A record number of 34 million survivors of the human immunodeficiency virus (HIV), are now living thanks to access to better treatment, the United Nations has said.
A report of the Agence France Presse (AFP) last November 21 said Michel Sidibe, Executive Director of UNAIDS said that around 56 countries have managed to stabilize their epidemic and significantly reduce the number of new infections because of significant breakthroughs in AIDS response.
Meanwhile, the human immunodeficiency virus (HIV), that’s causing AIDS, is also hitting a record high of eight Filipinos a day in September this year, a lawmaker announced last week.
A GMA News report said the National HIV and AIDS Registry now lists 7,684 HIV cases, including 936 with full-blown AIDS.
According to the Rep. Arnel Ty of the party-list LPGMA, a number of 253 new HIV cases were diagnosed nationwide in September. This figure shows a 65 percent increase from last year with 53 percent or 135 cases reported in Metro Manila.
Citing data released by the National Epidemiology Center (NEC), Ty said most of the 240 new cases in September were contracted by males, 16 of which were overseas Filipino workers (OFWs).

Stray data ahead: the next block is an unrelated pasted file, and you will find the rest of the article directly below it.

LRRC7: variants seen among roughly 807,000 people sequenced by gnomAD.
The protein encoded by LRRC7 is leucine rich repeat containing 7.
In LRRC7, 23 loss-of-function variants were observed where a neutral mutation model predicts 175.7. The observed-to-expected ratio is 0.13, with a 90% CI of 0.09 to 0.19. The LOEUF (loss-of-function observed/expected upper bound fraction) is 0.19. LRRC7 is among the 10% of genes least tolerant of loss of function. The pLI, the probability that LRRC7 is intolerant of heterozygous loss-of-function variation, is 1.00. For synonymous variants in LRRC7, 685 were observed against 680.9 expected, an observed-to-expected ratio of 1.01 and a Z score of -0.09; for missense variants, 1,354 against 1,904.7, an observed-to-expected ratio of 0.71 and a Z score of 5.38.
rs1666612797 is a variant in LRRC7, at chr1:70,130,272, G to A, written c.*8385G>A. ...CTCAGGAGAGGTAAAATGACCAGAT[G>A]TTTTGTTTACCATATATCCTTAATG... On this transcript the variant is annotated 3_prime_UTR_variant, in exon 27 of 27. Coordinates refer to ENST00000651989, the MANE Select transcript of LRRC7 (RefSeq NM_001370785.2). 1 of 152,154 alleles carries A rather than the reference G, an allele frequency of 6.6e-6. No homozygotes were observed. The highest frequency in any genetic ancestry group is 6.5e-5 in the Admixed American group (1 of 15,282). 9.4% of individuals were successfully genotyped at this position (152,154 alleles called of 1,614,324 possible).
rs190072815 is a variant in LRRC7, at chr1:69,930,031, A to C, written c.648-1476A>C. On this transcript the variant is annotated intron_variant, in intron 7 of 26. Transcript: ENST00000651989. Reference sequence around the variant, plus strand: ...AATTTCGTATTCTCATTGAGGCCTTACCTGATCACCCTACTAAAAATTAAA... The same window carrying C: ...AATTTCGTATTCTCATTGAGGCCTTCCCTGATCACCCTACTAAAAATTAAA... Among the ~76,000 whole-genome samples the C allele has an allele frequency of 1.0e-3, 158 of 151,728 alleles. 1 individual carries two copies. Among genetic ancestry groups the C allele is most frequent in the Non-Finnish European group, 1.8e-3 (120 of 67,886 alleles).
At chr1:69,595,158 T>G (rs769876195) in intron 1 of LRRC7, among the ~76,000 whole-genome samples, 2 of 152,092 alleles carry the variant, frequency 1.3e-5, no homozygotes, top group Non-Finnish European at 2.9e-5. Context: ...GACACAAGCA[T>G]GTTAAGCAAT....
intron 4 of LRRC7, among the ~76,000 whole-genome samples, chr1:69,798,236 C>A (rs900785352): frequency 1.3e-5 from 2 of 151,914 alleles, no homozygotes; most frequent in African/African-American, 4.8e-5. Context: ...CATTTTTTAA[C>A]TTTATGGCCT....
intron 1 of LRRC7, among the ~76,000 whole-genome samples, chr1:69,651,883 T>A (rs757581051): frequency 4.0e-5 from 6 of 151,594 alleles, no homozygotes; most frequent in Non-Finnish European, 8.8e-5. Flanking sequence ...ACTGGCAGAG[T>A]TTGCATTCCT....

Meanwhile, victims in the 20 to 29 age group make up for 57 percent of the cases. Ninety-one percent of all patients were infected via unprotected sex.
Also, 152 units of voluntarily donated blood were found HIV-positive from January to September this year, representing a 46 percent increase from figures last year. The National Epidemiology Center said this was discovered through screening.
There have been 15 known deaths in the country due to AIDS, with two of the latest deaths (males aged 40 and 49) documented in September.
Ty said the increase in AIDS cases “exceeded our previous projections.” The LPGMA party list representative is among five lawmakers in the House of Representatives who filed a bill for stricter enforcements to the AIDS Prevention and Control Law. The bill provides PhP400 million to the effort.
The increasing number of AIDS victims requires the government to step up efforts to further educate the public and improve laws that cover medical screenings, treatment and prevention.
The World Health Organization has said the most effective ways to combat the spreading of the virus are abstinence and monogamy. These two points directly hit issues concerning education, moral values and standards, which also should be given priority in addition to safe sex measures and accessibility to HIV screening and treatment.